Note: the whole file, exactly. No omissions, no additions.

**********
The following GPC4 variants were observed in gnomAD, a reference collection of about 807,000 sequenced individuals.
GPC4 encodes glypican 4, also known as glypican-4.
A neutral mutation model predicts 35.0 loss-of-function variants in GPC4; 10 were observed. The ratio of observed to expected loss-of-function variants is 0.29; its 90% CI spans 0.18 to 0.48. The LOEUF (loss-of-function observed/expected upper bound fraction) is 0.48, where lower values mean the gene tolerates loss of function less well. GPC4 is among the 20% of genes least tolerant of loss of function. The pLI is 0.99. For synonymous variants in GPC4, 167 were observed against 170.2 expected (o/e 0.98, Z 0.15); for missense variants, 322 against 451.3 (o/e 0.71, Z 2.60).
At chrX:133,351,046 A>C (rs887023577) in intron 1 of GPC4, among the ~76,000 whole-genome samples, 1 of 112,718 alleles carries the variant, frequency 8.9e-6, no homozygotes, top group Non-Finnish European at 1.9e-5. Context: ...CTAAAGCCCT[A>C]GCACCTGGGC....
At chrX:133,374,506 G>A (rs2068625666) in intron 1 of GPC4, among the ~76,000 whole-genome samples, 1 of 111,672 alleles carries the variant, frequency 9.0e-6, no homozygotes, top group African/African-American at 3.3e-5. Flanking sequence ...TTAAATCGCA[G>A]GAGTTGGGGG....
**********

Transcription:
The following GPC4 variants were observed in gnomAD, a reference collection of about 807,000 sequenced individuals.
GPC4 encodes glypican 4, also known as glypican-4.
A neutral mutation model predicts 35.0 loss-of-function variants in GPC4; 10 were observed. The ratio of observed to expected loss-of-function variants is 0.29; its 90% CI spans 0.18 to 0.48. The LOEUF (loss-of-function observed/expected upper bound fraction) is 0.48, where lower values mean the gene tolerates loss of function less well. GPC4 is among the 20% of genes least tolerant of loss of function. The pLI is 0.99. For synonymous variants in GPC4, 167 were observed against 170.2 expected (o/e 0.98, Z 0.15); for missense variants, 322 against 451.3 (o/e 0.71, Z 2.60).
At chrX:133,351,046 A>C (rs887023577) in intron 1 of GPC4, among the ~76,000 whole-genome samples, 1 of 112,718 alleles carries the variant, frequency 8.9e-6, no homozygotes, top group Non-Finnish European at 1.9e-5. Context: ...CTAAAGCCCT[A>C]GCACCTGGGC....
At chrX:133,374,506 G>A (rs2068625666) in intron 1 of GPC4, among the ~76,000 whole-genome samples, 1 of 111,672 alleles carries the variant, frequency 9.0e-6, no homozygotes, top group African/African-American at 3.3e-5. Flanking sequence ...TTAAATCGCA[G>A]GAGTTGGGGG....